Ritual (1965)

Ritual (1965)

As painter, draftsman, educator, and art critic, Bonilla Norat was part of the artistic generation of the 1950s. His artistic work included a great variety of formats and styles -among them realism, expressionism, surrealism, and kinetic movement, for which he was particularly known.

The artist was born in Cayey in 1912. His first artistic studies were directed by Ramón Frade, painter from Cayey of the costumbrista style. During the 1930s, he studied at Child-Walker School of Fine Arts in Boston, the Ernst Thurn Summer School in Massachusetts, Academia San Fernando in Madrid, and the Academy of Fine Arts in Florence. He traveled through Europe before settling in New York in 1939, where he set up a work shop. After serving in the United States Army (1941-1945), he went back to New York for a brief period, where he set up another work shop. At the end of the 1940s, he returned to Puerto Rico.

For the first time, Bonilla Norat was part of a collective exhibit of Puerto Rican artists in 1947. His work is eclectic and covers various artistic periods and styles. He created parallel works of surrealist, impressionist, and realist nature. He stood out for his use of kinetic art, a method in contemporary art based on the abstract in which the impression or illusion of movement is created. Among his works are: Sueño de alerta (1940), Despierta primavera and Ritual (both in 1975). His work has been exhibited in galleries and museums on the island as well as in Spain, United States, France, Italy and Mexico.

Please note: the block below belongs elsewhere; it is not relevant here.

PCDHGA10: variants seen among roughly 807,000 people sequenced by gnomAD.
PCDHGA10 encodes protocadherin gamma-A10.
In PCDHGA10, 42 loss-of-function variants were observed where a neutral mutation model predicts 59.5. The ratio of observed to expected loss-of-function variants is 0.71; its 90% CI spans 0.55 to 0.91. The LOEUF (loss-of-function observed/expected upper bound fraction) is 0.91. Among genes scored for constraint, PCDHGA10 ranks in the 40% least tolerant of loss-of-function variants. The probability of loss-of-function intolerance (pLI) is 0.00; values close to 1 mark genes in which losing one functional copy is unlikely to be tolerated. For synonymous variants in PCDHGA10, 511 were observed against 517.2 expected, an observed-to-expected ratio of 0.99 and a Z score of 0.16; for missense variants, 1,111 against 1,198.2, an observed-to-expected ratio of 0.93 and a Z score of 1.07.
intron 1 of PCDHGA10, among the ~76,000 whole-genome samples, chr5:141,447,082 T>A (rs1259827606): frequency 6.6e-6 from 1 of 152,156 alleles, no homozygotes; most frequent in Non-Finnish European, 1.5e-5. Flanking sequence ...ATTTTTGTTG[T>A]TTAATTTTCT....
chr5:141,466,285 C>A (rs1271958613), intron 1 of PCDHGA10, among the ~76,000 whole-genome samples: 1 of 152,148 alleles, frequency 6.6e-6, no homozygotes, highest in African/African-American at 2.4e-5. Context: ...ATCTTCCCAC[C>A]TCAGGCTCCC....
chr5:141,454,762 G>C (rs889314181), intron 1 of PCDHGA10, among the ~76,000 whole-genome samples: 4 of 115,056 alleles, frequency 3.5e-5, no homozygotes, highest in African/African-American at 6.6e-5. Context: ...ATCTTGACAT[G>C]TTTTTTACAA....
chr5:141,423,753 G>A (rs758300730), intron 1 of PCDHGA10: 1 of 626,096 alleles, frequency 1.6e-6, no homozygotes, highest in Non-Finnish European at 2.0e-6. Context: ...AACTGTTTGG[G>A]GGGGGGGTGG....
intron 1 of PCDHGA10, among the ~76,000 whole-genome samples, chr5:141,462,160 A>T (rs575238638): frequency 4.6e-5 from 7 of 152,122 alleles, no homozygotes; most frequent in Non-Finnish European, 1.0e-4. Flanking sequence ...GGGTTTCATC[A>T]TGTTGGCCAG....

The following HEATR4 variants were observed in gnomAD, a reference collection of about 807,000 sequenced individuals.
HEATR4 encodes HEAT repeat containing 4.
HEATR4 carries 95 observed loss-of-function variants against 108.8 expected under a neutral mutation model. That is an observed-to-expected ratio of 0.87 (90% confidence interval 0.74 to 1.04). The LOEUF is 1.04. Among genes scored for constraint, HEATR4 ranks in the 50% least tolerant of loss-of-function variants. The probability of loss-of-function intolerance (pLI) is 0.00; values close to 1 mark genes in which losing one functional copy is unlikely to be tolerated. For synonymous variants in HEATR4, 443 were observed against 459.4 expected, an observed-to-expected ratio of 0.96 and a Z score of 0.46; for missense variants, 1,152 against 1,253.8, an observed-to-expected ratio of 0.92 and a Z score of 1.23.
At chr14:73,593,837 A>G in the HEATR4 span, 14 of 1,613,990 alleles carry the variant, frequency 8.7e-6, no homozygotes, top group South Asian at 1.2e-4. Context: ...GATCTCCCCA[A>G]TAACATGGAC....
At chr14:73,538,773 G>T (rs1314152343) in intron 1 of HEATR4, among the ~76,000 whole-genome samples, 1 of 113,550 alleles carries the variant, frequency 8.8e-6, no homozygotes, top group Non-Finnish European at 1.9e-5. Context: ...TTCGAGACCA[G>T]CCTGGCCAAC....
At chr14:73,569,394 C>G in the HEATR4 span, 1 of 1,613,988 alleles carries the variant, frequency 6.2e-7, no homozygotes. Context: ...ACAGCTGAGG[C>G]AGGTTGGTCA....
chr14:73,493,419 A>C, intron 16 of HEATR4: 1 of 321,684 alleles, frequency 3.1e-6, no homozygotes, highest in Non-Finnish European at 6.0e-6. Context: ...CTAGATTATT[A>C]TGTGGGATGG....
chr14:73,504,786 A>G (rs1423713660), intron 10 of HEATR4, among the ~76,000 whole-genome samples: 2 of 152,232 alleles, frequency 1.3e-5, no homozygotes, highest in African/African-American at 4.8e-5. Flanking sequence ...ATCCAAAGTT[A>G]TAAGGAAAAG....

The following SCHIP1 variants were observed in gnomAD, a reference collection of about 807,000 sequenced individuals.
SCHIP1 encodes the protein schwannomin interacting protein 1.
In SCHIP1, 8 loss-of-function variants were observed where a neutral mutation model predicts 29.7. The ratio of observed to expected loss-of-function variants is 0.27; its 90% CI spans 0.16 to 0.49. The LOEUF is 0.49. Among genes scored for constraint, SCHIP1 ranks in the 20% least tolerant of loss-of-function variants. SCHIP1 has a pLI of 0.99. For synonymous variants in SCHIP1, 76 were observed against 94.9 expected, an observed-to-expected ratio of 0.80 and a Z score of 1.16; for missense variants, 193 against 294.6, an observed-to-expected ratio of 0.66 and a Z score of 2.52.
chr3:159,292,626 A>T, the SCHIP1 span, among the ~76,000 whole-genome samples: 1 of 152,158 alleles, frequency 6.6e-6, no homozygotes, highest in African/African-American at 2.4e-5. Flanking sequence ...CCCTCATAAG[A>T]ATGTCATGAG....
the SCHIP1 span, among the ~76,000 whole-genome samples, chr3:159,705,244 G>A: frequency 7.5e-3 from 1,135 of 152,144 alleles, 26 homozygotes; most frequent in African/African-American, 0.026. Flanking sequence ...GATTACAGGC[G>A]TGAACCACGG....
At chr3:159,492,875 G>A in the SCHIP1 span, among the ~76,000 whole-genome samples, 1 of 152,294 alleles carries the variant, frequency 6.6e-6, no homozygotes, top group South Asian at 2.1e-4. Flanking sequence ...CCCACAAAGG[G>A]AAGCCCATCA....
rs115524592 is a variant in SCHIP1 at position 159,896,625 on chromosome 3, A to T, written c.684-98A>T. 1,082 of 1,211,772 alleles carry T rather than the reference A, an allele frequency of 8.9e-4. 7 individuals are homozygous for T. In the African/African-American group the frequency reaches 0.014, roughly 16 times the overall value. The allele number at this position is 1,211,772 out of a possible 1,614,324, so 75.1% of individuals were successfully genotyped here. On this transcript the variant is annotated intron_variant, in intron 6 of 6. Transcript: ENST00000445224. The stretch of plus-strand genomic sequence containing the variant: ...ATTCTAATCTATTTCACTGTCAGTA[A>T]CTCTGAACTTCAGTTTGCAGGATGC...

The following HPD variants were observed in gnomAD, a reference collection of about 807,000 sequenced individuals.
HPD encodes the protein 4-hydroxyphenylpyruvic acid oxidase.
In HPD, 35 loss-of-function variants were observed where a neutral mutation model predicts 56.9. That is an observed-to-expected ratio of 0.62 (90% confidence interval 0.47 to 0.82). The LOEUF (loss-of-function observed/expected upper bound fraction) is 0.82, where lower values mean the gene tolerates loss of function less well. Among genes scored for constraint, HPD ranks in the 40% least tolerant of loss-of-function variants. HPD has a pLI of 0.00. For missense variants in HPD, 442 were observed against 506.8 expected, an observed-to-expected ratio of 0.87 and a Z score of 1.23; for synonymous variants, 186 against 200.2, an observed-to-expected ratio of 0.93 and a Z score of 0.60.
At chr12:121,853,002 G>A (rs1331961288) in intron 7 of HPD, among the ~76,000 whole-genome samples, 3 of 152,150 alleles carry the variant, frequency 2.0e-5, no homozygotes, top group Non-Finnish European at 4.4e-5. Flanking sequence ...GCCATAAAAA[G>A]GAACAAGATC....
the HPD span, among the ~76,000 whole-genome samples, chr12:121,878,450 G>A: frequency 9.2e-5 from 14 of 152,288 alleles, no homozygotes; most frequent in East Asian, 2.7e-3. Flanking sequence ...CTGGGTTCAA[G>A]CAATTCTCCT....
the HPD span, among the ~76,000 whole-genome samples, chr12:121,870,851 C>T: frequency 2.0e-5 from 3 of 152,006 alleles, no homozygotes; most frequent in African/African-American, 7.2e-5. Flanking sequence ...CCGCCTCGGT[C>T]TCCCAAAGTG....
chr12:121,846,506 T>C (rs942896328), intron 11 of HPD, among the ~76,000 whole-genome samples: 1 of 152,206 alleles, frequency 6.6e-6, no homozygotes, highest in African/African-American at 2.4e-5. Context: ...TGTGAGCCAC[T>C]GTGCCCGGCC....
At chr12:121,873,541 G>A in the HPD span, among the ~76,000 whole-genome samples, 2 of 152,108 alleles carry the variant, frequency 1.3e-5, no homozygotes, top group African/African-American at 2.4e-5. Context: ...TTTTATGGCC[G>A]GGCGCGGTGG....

This painter was also one of the artists that collaborated with DIVEDCO, División de Educación de la Comunidad (Division of Community Education), where he worked as serigraphy professor. In addition, he worked as professor at the Rio Piedras campus of the University of Puerto Rico between 1956 and 1975, teaching a course in the theory of color.

Interested in the development of art in the country, Bonilla Norat was part of various workshops, studios, and artistic organizations such as Comité Pro Escuela de Artes Plásticas (Committee for Fine Arts Schools) and Borinquen 12, a cooperative for artists, which he directed. He worked as an art critic for The San Juan Star newspaper from 1976 until 1987.

Félix Bonilla Norat died in July 1992 in San Juan, Puerto Rico.

References

“Datos biográficos de algunos pintores puertorriqueños modernos”. Boletín de la Academia de Artes y Ciencias de Puerto Rico. tomo V # 2 abril a junio 1969

Delgado, Osiris. Cuatro siglos de pintura puertorriqueña. Banco Santander de Puerto Rico, 1998

Gran Enciclopedia de Puerto Rico

Author: Grupo Editorial EPRL
Published: September 03, 2014.

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